Fisherman’s Friends exclusively performs traditional sea shanties, which I had assumed would become tiresome, but they give the film a distinct and charming voice - much like the group. The songs are often performed a cappella or with minimal instrumentation, allowing the powerful harmonies to shine. In fact, the vocals are a blend of real-life group members and the actors portraying them. There’s some creative liberty taken regarding just how well-known these songs are, for instance, one scene depicts several dozen Londoners easily recalling every verse of ‘(What Shall We Do With The) Drunken Sailor’. Yet this occurs late in the film, after viewers have already seen that these songs are intended to unite people and be sung together. Besides, the cast have so much fun you’ll enjoy the musical moments regardless of whether you know the words.
Similarly, I found the performances and humour made it easy to look past the story’s clichés, especially the romantic subplot between Danny and Alwyn (Tuppence Middleton), the woman who runs his B&B. The pair’s arc is obvious from their first encounter, in which she calls him a tosser for driving the wrong way down a one-way street. Following Danny’s earnest attempts to record a demo for the group, Alwyn begins to open up and realise their similarities. It’s as simple as it sounds but works thanks to the palpable chemistry between Mays and Middleton, who trade teasing barbs which perfectly capture the feeling of talking to a crush. Yes, it’s another fish-out-of-water trope, and FISHERMAN’S FRIENDS is all the better for embracing it.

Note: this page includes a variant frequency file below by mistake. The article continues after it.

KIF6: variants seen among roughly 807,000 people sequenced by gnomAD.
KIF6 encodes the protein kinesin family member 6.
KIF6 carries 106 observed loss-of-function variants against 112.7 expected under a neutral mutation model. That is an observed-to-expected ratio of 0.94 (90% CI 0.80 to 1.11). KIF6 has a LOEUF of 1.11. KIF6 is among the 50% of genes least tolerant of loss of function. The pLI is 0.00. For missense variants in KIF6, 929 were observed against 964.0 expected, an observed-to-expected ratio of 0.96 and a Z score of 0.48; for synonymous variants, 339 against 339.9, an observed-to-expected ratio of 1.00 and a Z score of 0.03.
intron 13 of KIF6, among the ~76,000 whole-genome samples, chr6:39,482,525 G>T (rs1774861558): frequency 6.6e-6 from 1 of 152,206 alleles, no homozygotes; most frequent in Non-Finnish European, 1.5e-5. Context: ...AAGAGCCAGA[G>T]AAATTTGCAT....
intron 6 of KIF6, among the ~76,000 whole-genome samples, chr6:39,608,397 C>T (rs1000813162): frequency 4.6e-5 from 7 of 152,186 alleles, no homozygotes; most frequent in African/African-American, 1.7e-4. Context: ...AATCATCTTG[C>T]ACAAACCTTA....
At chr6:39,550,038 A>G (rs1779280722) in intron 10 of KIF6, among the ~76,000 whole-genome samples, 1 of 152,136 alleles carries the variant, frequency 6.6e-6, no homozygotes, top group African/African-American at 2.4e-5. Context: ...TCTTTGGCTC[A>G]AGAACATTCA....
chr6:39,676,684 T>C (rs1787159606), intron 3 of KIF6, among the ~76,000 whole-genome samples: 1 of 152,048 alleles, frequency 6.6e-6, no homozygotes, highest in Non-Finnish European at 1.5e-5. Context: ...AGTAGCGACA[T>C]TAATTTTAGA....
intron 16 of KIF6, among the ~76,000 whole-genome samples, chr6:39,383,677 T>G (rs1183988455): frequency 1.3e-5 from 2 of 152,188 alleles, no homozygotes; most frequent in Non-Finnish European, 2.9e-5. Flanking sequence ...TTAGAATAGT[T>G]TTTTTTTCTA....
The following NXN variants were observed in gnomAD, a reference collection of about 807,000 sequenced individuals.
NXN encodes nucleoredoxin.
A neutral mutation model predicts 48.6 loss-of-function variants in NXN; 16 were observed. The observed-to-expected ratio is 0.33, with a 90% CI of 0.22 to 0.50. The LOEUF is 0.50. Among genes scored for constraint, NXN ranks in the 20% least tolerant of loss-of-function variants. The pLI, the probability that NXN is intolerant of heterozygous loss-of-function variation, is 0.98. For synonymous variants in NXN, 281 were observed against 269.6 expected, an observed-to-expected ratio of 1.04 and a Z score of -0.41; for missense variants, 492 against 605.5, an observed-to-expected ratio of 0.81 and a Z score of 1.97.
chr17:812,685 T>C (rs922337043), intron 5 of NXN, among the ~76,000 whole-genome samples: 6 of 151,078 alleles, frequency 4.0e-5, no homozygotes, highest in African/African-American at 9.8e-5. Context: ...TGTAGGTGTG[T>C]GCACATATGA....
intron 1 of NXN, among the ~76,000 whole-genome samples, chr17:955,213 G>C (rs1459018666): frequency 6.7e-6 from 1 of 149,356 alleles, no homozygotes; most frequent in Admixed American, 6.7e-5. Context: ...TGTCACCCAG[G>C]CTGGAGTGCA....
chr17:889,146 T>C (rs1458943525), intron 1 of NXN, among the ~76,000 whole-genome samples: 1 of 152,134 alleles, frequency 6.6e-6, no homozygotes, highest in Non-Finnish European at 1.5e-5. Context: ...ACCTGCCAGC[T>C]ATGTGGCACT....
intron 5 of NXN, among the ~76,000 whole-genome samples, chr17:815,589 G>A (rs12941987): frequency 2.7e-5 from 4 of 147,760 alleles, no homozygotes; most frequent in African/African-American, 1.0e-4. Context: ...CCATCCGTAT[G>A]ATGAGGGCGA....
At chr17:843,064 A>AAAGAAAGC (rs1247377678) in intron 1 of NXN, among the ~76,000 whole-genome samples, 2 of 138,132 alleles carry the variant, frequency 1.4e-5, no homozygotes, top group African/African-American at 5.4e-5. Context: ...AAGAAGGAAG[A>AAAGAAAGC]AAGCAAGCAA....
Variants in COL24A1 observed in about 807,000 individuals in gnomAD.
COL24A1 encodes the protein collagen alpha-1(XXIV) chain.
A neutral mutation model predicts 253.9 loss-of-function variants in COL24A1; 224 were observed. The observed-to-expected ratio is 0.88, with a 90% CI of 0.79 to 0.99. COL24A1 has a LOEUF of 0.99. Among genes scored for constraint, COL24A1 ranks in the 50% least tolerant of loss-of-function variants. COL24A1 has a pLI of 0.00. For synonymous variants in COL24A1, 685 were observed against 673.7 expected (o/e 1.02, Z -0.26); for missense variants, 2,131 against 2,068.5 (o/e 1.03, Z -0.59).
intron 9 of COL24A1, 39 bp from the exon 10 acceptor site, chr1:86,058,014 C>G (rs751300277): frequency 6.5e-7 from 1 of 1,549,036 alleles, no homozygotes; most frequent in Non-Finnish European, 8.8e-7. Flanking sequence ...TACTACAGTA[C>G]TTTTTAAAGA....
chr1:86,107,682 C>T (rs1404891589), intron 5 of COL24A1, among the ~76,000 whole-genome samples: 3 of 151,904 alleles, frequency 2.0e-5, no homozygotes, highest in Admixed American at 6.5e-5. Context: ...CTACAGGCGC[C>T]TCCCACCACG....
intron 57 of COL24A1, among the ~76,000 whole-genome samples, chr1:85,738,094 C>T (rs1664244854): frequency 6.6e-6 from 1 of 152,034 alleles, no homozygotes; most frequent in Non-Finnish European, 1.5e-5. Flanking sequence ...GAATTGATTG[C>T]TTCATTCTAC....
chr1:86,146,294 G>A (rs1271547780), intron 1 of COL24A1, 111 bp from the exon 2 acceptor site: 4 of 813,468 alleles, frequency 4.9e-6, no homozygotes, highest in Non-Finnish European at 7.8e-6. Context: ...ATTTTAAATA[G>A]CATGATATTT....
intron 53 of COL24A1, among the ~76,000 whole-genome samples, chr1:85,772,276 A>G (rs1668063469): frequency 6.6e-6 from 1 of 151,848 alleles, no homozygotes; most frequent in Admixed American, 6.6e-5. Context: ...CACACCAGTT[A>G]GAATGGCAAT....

James Purefoy is another standout as Jim, the de facto group leader and Alwyn’s father (because of course). Purefoy is essentially playing the same grizzled mentor role James Coburn perfected in Snow Dogs, constantly stating his distaste for Danny’s outside influence while warming up to him. For instance, Jim invites Danny out for a nightcap only to abruptly leave once the latter tries to start a conversation. I’m a big fan of Snow Dogs, but felt FISHERMAN’S FRIENDS improved on this character archetype by making Jim’s development less subtle. He’s surprisingly quick to accept Danny’s plans for the group and is even willing to travel outside Port Isaac to impress label executives. As a result, Purefoy is utterly charming despite looking so pissed off for much of the film.
However, the writers can’t help but undo the main characters’ development in the film's final 15-minutes, which leaves FISHERMAN’S FRIENDS treading water. Without spoiling too much, a subplot that previously seemed inconsequential is awkwardly pushed into focus and sees the villagers, including Danny’s new friends and girlfriend, turn on him. It’s as if someone decided the film needed to be longer and needed to put off the inevitable happy ending for a little longer. After suspending my disbelief for most of the runtime, this was the first time the story felt contrived to me. Thankfully, it still ends exactly as you’d expect and can’t sour the film’s overall impression. Whether you’re looking for a breezy and fun comedy, a biopic, or a stunning and unique soundtrack, I thoroughly recommend FISHERMAN’S FRIENDS.